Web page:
by Claire Field
While Google and Microsoft launch digital courses the “industry-led” VET system is hampered by bureaucracy and confusion
Recently there has been a plethora of “digital skills” activity in the VET and higher education sectors, including:
* the Blue Tech and Digital Skills report from TAFE Directors Australia, Cisco and Optus
* Swinburne U partnering with digital services consultant Arq Group to deliver customised digital training to Arq staff
* RMIT partnering with the Singapore Institute of Management to offer digital courses tailored with industry partners including IBM, Amazon and Salesforce
* the National Skills Commission published profiles of 25 emerging occupations – 13 of which have a digital/tech focus
* the release of Australia’s Cyber Security Strategy 2020 including a $26.5 million Fund for the development of specialist cyber security courses (amongst other initiatives), and
* the prime minister launching a new SkillsBuild partnership between IBM and the Department of Defence, to teach digital skills to 3,000 veterans.
At the same time, the VET sector’s Australian Industry and Skills Committee’s emergency response sub-committee has advised that no new digital/cyber units or qualifications are needed at present. They note that in February 2020 five new qualifications and two new units of competency in these areas were released.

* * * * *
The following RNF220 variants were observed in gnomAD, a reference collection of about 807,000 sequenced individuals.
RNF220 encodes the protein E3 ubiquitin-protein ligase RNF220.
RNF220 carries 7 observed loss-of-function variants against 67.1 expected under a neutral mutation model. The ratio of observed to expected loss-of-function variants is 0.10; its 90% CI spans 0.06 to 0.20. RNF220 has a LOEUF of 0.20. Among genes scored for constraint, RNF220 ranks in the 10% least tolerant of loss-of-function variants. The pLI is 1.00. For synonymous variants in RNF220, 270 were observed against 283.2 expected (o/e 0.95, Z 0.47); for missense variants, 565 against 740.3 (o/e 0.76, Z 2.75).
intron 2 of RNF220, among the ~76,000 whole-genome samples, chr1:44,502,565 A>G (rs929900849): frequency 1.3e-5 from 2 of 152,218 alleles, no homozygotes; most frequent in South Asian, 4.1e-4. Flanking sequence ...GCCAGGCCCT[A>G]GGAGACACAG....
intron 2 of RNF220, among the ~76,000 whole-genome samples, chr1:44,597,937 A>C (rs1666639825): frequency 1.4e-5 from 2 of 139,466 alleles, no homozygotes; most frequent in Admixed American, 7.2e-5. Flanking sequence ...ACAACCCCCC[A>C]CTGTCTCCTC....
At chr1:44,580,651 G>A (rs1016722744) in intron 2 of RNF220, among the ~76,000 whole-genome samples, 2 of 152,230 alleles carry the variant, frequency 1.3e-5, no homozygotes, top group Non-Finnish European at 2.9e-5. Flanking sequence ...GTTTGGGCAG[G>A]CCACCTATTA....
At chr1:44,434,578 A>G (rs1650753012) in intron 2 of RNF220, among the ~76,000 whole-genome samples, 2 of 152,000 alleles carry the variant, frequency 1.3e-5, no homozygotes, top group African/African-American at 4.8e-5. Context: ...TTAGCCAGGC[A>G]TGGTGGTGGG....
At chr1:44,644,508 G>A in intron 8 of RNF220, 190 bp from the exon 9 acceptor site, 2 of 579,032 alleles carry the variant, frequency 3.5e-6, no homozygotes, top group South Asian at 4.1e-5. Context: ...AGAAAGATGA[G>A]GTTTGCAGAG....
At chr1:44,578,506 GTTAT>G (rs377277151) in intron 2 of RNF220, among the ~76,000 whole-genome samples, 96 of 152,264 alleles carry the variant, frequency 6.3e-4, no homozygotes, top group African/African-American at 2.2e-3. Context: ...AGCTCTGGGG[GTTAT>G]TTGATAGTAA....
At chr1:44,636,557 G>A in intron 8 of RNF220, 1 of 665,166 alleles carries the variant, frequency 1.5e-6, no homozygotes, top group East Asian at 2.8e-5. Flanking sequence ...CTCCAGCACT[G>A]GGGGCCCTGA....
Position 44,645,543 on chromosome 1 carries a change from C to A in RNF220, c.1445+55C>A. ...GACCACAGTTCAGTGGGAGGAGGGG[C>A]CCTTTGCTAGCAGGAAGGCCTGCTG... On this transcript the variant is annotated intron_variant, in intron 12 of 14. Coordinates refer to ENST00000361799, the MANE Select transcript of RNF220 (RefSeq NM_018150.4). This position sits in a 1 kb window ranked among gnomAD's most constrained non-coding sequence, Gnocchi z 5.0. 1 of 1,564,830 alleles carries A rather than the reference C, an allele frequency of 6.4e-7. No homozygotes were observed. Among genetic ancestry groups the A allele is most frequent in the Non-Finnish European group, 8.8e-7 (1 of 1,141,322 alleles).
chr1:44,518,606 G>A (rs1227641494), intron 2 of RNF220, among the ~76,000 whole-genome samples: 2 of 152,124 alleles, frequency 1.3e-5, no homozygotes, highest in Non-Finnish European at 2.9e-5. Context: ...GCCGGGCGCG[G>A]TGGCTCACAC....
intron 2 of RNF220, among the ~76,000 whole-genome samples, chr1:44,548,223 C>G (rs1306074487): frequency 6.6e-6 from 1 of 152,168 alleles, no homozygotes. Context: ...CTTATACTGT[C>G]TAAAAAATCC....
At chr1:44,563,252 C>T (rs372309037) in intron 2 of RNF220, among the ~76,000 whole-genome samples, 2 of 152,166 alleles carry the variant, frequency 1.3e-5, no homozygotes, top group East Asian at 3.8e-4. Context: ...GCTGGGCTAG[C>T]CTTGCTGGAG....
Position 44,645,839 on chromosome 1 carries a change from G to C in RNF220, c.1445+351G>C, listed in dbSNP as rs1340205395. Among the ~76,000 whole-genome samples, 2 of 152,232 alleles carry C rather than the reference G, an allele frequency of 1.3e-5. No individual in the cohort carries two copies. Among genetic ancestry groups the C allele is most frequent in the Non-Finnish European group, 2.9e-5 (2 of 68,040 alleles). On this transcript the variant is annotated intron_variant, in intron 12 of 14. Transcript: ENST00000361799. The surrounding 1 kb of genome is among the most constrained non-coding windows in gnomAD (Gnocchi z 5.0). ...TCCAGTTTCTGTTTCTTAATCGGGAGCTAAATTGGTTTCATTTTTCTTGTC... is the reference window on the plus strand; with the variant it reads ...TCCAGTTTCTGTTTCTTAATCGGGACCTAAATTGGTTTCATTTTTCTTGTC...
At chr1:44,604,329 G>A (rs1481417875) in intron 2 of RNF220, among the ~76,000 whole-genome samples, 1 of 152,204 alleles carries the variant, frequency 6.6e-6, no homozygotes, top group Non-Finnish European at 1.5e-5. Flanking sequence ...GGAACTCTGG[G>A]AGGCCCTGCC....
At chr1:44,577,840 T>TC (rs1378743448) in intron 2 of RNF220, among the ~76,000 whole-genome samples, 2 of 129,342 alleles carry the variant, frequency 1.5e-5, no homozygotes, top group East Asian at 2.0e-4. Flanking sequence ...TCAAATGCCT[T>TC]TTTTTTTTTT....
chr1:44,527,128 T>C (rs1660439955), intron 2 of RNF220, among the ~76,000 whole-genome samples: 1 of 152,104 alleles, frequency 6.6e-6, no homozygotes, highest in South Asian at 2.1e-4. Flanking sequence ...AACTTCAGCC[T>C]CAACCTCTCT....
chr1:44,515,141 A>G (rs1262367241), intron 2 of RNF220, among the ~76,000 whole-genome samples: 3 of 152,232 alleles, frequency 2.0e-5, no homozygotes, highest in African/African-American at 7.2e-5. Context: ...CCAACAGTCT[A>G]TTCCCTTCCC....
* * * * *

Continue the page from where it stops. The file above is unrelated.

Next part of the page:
So, in VET on the one hand the key industry advisory body (the AISC) says we have all of the digital/cyber qualifications and units of competency that we need while on the other hand TDA and the NSC indicate we need more, a pilot skills organisation has been established to create more courses and the Commonwealth is already pouring money into creating an unknown number of new courses.
At a time when Google and Microsoft have launched attractive digital course offerings outside the formal tertiary education system, it is deeply worrying that the “industry-led” VET system is so hampered by bureaucracy and confusion.
Meanwhile Swinburne University, RMIT, and other universities use their self-accrediting powers to work nimbly with employers and other partners…
Claire is a consultant to the tertiary education sector. Another key issue the VET sector is grappling with is the shift to regulatory self-assurance. Find out how self-assurance works in New Zealand in the latest episode of the ‘What now? What next?’ podcast.